So, as promised a more thorough review of the new product from Alterian – Alchemy.
A description from the company themselves – “Alchemy is a lot of things”, so let’s break these down.
Firstly let’s explore the principles behind it. Alchemy is designed to change the way business engages with customers online and offline. Having recognized a fundamental shift in the marketing now has to be conducted, predominantly due to the impact of social media, Alterian ahs been on the acquisition trail over the last few years, buying up content management systems and most notably, the social media monitoring tool, SM2, designed by Techrigy.
Alchemy is also recognition that the existing campaign management tools available are now no longer fit for purpose in the new world.
The first thing to note is that Alchemy has been designed with the end user (a marketer, not a technician) very much in mind. To this end, Alterian have brought in a User Experience Engineer, Colin Robertson to oversee the design of Alchemy, to ensure that a user friendly interface was achieved. Indeed, Alterian sum up this approach by stating that, “the user should know what they’re doing, not how they’re doing it”. At last!
Three specific areas underpin Alchemy:
- New Concepts
Technology – this is brand new technology, not a series of enhancements to existing technologies. Alchemy works on desktops, in browsers, on PC’s or on a Mac in a way that makes no difference to the user.
Usability – Colour schemes have been devised to help the users fell comfortable with where they are at anytime. Specific colours are used to indicate the following parts of this product – segments, campaigns, engineering data, reports, design, tactics and question sheets.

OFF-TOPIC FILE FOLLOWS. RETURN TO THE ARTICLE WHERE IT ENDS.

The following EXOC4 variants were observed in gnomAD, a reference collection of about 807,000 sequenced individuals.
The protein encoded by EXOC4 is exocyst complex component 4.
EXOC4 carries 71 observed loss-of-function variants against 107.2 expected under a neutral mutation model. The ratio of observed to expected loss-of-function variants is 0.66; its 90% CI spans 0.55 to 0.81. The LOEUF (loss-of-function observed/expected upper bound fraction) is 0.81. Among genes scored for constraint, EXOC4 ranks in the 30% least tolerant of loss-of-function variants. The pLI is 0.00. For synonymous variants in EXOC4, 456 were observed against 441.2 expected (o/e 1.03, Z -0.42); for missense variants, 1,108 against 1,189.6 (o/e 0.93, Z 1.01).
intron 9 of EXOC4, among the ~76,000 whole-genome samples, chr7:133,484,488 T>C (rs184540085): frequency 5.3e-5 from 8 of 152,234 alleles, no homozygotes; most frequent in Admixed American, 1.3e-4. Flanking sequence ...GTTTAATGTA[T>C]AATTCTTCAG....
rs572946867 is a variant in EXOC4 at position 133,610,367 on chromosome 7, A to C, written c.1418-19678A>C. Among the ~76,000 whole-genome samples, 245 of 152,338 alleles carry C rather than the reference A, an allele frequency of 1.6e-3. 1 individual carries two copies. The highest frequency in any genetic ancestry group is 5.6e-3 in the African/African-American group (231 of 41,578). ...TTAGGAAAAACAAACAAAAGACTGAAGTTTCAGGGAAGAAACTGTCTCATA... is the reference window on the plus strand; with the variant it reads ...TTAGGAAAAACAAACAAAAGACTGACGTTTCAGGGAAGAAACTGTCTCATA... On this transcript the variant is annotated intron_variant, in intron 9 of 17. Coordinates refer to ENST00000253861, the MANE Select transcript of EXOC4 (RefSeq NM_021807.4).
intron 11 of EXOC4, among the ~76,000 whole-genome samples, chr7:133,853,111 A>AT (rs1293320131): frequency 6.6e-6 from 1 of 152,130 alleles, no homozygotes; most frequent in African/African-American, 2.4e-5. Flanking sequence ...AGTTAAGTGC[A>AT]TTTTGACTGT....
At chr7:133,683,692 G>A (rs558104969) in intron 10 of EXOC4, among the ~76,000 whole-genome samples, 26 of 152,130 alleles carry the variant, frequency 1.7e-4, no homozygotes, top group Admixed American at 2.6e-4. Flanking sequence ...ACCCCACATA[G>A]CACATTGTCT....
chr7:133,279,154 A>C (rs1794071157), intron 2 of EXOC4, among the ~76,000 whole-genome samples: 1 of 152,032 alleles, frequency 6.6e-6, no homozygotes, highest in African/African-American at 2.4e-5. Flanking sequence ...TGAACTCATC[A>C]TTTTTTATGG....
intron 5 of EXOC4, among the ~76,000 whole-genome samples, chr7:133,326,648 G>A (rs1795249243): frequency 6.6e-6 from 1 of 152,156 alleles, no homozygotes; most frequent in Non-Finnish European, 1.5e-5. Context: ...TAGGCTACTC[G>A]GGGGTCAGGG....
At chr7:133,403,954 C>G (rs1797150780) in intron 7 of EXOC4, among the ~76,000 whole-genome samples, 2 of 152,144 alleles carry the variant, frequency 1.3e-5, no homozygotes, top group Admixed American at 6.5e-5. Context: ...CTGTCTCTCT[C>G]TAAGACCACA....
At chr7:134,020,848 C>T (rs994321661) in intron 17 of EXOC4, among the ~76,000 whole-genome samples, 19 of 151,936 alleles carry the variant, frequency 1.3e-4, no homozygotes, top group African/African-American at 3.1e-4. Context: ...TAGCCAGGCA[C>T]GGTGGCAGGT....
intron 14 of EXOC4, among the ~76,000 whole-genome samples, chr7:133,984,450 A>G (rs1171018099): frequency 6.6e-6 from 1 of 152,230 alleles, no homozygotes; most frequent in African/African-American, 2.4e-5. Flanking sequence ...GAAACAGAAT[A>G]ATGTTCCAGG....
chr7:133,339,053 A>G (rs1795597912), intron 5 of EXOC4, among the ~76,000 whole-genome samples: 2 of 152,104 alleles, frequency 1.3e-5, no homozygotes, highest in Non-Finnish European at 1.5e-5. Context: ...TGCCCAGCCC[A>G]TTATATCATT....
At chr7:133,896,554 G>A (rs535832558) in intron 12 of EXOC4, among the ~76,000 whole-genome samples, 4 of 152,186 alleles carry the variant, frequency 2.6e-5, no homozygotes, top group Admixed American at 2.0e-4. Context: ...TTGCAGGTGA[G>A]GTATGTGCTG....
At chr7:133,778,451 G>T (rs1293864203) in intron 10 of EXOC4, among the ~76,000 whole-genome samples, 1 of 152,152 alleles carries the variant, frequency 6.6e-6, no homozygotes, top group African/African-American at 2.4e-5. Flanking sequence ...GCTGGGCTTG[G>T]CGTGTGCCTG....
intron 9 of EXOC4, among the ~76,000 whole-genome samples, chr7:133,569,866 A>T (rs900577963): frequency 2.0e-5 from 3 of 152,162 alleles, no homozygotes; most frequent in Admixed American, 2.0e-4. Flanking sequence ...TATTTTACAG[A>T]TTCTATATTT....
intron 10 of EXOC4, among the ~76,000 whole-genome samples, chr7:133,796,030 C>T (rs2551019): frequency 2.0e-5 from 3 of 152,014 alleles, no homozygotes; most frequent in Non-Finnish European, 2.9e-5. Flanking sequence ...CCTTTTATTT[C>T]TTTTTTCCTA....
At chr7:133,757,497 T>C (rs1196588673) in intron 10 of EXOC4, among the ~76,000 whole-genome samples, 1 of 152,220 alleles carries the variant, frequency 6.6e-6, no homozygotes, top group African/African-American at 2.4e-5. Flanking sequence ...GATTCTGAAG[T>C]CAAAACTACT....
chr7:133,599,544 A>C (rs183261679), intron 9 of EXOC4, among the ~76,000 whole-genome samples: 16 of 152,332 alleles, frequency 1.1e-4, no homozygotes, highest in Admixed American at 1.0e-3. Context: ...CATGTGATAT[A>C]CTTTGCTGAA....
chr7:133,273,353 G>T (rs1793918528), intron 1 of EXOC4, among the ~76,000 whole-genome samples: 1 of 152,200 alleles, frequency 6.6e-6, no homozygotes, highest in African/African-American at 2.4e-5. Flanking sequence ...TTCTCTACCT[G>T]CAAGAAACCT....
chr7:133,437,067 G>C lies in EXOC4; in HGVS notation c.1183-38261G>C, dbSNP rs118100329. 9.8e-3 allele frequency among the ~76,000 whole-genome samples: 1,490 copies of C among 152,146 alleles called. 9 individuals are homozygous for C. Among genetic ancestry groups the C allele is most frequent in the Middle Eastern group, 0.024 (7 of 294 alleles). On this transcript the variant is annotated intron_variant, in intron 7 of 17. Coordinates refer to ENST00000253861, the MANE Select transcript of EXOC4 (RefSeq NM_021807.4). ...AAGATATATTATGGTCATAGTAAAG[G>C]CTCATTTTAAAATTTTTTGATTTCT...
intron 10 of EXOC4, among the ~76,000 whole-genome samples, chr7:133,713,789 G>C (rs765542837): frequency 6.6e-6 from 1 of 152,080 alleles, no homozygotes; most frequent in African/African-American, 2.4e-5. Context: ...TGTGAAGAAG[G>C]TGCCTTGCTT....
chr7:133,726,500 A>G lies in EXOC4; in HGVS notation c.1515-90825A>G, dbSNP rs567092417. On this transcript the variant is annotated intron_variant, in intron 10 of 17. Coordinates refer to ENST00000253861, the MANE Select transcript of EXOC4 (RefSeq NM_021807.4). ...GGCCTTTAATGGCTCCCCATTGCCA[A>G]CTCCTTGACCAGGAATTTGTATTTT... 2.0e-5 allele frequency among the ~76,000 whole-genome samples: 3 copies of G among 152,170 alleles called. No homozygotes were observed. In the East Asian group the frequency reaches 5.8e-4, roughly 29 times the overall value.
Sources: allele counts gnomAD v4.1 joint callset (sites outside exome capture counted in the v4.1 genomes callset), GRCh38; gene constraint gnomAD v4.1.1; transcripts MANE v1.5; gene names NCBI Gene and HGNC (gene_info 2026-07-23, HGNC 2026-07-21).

Training in the use of Alchemy should be shorter and easier.
New concepts – Campaign tools that are accessible to the ‘non-power’ user.
But, what’s under the bonnet?
The building blocks of Alchemy are data and tools. As Alterian say, ‘data is the object, tools are the subject’.
So to start, a marker would typically look to create a data segment. The drag and drop feature is fabulous from a user point of view, but also great is that as you add criteria to your selections, the volume of data that you are creating changes and is visible to you, so you don’t have to wait to hit ‘submit’ get disappointed and start again. So you can pull, females, born in August who, given their transactional history, are likely to purchase within the next three months online, all through the drag and drop functionality.
The other stand out feature for me is Alchemy’s integration of social media into the overall campaign management system. Essentially, once a campaign becomes live, Alchemy listens to the ‘buzz’ that it is creating on social media and can respond to this buzz, based on a series of events and triggers.
An ‘event’, is defined as anything that is brought in from the outside – for example a ‘tweet’ or a blog post. Once an event happens, a ‘triggers’ can be set up to occur – an email campaign, direct mail piece of tweet for example.
The ‘Engagement Persona ID’ ties together all the information known about a customer and be used to personalise elements of a campaign in a particularly impressive way. The example that Alterian use is a campaign that offers a 15% discount to anyone who tweets a particular hashtag. Assuming all permissions are granted, Alchemy then captures the Twitter handles of all those who have done so, then tweets them back with a link to a url that takes them to a personalized website, promoting products that are likely to stimulate a purchase.
Alchemy appears to be a great, user friendly tool, which draws together the increasingly disparate actions available to customers in 2011. This is a huge achievement in itself, but in giving the marketer a simple and straightforward user interface, it makes brings down the barriers that are present in some systems, so that maximum value can be extracted and all of the features can be used without fear.